Palladium Price Set To Go Higher On Supply Shortage

It was another interesting week for platinum and especially palladium. In terms of price action, the strongest of the two metals is undoubtedly palladium. The price of palladium closed the week at $802/oz.

As indicated previously (here, here, and here), both platinum and palladium have broken out of a long trading trange. The following chart shows how palladium is holding up very well above the support line (which once was very strong resistance), and is even building up strength.


On the intraday chart of April 11th, we see a confirmation of the strength as palladium breaks with ease through the 800 level and retreats only slightly.


And this could only be the beginning. Ross Norman from SharpsPixely notes that palladium lease reates are surging. That is not case in platinum. He explains in his latest commentary:

Platinum and palladium lease rates are normally regarded as the advance warning that something is amiss and will invariably presage a move in prices. Platinum borrowing costs are, to all intents and purposes, completely unchanged suggesting that loco Zurich stocks remain plentiful and the market has easily absorbed the mine supply problems. Borrowing costs are currently around 0.28% for the 2 month and the 6 month period.

Palladium however is just starting to respond. The two and six month rates have doubled from 0.25% to 0.5% but in general terms remain ‘affordable’. With old Russian palladium stocks said to have been largely exhausted about a year ago, the market demand has hitherto been satisfied from current production until now.

The oddity about this however is that palladium is responding and not platinum given that South African production is predominantly platinum (which is strike-bound) whereas palladium is predominantly from Russia (which is not strike-bound). It remains to be seen whether this is an extension of the Russians withholding gas to Europe story or whether this is a genuine supply issue – either way, palladium may just be primed for a roller-coaster ride.

In the bigger picture, Rick Rule sees the basic law of supply and demand kicking in. As he explains in his weekly metals review, the strikes in South Africa could have taken a lot of metal to “production heaven”, but he is more concerned about the what the current market evolution  says about the platinum and palladium market, which is key for investors to understand.

The workers’ wage and working conditions are deplorable; they have to be paid more. But the industry is not earning its capital. Either the price goes up, or production really declines substantially (not from a strike, but from mines shut down permanently). Where the platinum or palladium price is 2 or 3 months from now is of no interest to me. Whether the platinum and palladium price will get high enough to sustain the current level of production is of much greater interest to me. If that happens, the price will be much much higher than the current price.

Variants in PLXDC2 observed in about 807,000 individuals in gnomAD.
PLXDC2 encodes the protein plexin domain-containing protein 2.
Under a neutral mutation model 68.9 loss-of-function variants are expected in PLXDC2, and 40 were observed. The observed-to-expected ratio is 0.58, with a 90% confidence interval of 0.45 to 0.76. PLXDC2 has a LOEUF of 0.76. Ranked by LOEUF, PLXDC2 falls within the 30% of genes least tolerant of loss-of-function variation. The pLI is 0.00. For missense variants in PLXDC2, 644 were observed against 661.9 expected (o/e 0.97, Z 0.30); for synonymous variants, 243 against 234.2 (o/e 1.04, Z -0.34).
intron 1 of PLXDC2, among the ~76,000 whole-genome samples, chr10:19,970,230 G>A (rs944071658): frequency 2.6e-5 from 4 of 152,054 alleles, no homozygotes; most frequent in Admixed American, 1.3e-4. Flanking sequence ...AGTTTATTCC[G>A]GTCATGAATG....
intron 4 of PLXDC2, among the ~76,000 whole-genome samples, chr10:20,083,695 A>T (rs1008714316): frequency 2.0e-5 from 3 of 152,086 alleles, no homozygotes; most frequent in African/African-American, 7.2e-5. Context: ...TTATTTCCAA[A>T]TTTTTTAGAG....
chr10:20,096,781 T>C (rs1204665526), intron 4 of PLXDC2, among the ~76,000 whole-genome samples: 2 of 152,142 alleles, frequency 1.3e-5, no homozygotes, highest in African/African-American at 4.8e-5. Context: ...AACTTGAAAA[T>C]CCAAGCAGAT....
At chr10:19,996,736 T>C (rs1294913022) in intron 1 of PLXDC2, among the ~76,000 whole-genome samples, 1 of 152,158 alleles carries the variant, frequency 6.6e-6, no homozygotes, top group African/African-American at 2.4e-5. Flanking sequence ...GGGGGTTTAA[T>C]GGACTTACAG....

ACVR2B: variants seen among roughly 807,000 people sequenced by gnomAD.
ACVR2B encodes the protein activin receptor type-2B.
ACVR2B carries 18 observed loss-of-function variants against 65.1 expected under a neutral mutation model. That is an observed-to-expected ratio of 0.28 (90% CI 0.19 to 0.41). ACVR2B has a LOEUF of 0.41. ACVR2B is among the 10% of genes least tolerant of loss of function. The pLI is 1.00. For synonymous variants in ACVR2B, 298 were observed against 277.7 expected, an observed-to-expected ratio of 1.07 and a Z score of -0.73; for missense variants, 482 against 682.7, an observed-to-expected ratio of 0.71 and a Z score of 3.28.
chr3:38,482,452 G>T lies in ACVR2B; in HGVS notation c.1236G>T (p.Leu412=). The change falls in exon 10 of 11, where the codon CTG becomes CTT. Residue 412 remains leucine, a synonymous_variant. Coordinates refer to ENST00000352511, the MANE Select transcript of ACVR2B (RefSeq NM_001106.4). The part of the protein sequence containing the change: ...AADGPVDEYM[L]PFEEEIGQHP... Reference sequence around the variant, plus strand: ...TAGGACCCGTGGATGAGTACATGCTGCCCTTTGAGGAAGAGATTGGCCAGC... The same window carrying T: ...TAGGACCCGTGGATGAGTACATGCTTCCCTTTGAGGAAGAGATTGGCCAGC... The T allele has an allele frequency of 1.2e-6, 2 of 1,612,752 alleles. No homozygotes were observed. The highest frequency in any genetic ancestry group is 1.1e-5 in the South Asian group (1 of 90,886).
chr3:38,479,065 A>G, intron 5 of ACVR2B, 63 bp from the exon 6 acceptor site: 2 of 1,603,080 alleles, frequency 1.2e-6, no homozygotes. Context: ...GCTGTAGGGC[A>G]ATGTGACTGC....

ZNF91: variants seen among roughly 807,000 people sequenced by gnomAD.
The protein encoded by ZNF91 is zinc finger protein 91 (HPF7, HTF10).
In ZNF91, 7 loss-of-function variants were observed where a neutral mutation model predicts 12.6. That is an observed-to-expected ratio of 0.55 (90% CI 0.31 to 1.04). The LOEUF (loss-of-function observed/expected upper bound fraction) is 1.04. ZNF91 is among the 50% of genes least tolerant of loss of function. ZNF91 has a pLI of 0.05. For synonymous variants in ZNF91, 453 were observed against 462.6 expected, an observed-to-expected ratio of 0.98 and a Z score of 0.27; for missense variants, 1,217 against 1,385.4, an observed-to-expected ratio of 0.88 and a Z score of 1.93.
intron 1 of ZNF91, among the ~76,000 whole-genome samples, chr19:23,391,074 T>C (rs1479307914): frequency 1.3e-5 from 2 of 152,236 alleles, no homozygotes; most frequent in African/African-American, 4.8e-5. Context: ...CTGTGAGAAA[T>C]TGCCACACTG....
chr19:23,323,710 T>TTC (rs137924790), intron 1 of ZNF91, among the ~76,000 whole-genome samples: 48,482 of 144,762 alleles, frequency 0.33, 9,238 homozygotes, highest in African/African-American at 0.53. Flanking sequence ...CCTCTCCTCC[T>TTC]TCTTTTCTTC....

Russia is in a different set of circumstances when it comes to palladium. Its biggest producer (Norilsk) is making money at current palladium prices because they also produce nickel, copper and cobalt with it. The problem in Russia is when you go deeper in the deposits. Remember they are producing for 90 years. The platinum and palladium production are in decline. The social, political and financial circumstance of the palladium mining industry in Russia is actually getting better. Above ground supply of palladium in Russia are very opaque; most knowledgeable observers presume that the state controled above ground supply of palladium was depleted a year ago but nobody knows for sure whether that’s the case or not.

On top of that, two palladium ETF’s have been launched very recently, put together in South Africa, which will take a lot of metal out of the market. There is no change in the outlook of decreased production in Russia and strikes in South Africa, two countries which produce combined 70 to 80% of global supply. It makes for a an interesting recipe for palladium in particular.

One final note. David Smith from The Morgan Report has a personal view that palladium will surprise in that it could close the gap with platinum. He explains that there have been two big movements in the PGM complex in the last years. At a certain point, palladium went up till 1050, while platinum reached 2000. Interestingly, these moves occurred separately from each other. So palladium, looking the strongest of the two PGM’s currently, could go higher and faster than most would think.

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